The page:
Since Ancram and Mitch set up weirdass.net, they've been seeking out a way to bring a printed incarnation of their work to life. We have spent quite a bit of money on samples and shipping pursuing this goal. After years of false starts and dashed hopes, two online vendors have emerged that both meet our needs and satisfy a confluence of price and quality. Both are real businesses, with real people on the other end. Both stand behind their work. Both will allow you to order just one comic, (that's right -one-) print it on-demand, and have it shipped to your address via the method of your choice. Both have a variety of payment options, from paypal to credit card. Both produce superb editions, using the latest technology from xerox and others to print and bind our crazy little stories.
Comixpress.com is a brand new operation. We found them over at comicon.com, when they announced their business. The deal with these guys is that you order your comic through a form e-mail. They can be a little slow in processing the order, but within a few days they send you a bill via e-mail. The e-mail links to a secure site where you can choose your payment instrument and shipping methodology. You get your books not too long after. Whole process usually takes anywhere from 2-4 weeks. Support this, these kids are the future of comics.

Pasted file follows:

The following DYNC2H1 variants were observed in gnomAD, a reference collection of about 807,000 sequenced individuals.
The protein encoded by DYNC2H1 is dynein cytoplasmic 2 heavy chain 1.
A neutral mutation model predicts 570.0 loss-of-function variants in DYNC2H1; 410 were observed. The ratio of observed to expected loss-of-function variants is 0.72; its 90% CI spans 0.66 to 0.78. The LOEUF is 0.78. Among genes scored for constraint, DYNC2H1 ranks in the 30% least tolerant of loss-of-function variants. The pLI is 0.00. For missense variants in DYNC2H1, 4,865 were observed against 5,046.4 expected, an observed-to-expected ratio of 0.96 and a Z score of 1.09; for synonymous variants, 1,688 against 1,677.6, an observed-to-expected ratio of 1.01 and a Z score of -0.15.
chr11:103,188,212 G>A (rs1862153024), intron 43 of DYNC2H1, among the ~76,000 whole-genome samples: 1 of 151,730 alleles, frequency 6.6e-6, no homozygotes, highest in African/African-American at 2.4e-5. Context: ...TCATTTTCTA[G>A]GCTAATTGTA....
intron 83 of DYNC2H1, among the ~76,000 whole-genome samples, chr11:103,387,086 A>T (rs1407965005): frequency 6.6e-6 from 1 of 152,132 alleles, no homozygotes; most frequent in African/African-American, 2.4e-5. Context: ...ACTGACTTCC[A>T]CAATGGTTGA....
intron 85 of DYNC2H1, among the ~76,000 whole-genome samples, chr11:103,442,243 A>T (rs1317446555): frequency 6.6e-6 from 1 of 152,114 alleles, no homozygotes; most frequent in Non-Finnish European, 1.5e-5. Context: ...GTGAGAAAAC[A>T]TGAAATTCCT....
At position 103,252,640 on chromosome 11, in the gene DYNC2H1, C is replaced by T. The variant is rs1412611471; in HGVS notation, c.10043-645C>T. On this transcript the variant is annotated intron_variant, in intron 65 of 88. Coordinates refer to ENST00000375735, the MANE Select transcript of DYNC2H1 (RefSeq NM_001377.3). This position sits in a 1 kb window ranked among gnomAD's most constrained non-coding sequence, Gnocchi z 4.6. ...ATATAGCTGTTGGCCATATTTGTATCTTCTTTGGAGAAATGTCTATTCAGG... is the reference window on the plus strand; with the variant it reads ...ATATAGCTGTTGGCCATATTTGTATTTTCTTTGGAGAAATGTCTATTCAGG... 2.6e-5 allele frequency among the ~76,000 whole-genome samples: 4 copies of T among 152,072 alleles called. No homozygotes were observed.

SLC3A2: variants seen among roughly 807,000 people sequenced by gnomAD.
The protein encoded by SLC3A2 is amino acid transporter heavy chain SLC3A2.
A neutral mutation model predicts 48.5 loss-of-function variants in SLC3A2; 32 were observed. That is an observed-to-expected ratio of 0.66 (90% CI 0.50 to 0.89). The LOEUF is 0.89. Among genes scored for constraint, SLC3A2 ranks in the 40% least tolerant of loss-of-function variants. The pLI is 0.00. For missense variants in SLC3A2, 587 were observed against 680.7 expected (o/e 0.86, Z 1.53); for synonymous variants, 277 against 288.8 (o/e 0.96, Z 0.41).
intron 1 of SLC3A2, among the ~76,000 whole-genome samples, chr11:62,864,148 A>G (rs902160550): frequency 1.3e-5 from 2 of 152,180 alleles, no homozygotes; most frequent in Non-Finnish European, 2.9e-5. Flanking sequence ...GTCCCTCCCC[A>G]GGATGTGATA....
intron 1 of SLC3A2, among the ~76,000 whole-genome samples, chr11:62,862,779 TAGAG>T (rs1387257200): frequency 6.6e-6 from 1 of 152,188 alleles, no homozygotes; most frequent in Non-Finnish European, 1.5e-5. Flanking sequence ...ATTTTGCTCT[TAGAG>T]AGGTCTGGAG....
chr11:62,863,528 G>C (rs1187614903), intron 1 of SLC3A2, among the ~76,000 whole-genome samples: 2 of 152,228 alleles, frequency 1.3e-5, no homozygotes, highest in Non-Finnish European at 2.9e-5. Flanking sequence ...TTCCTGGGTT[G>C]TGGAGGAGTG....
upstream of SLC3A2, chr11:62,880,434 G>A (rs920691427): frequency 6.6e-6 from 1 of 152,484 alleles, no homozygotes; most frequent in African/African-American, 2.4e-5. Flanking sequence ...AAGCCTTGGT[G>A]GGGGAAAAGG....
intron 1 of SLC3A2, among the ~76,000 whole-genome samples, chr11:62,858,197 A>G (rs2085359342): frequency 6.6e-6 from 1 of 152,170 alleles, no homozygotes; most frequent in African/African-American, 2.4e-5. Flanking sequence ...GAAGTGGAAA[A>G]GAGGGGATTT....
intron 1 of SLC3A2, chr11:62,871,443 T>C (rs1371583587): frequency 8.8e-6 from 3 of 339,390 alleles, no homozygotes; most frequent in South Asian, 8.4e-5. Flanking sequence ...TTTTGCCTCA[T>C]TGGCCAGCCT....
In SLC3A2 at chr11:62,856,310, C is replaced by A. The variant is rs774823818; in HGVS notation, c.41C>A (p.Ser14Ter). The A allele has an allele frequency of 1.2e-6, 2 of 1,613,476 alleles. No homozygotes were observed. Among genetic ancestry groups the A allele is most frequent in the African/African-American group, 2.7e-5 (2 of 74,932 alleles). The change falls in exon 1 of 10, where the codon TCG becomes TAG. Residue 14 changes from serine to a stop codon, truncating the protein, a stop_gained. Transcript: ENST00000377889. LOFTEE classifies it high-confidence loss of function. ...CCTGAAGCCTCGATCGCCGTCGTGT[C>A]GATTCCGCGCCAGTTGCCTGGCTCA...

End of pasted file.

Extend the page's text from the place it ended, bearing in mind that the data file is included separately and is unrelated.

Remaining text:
Lulu.com has been around a little longer, and it shows in the elegantly coded website and huge user community they've created. While a bit more expensive than comixpress, Lulu allows us to print large format, square bound, full color trade paperbacks. Their site uses a shopping cart system, and has a system similar to amazon.com's. You add the book to your cart, and proceed through checkout to a variety of payment and shipping options. Whole thing takes between one and three weeks depending on how much you're willing to pay for fed-ex.
The quality produced by both these companies is stunning. Color reproduction is near perfect, black and white line is sharp, and the binding crisp. It is our pleasure to offer our work through them.
Hey, why not just print
your stuff and sell it through the comic book direct market?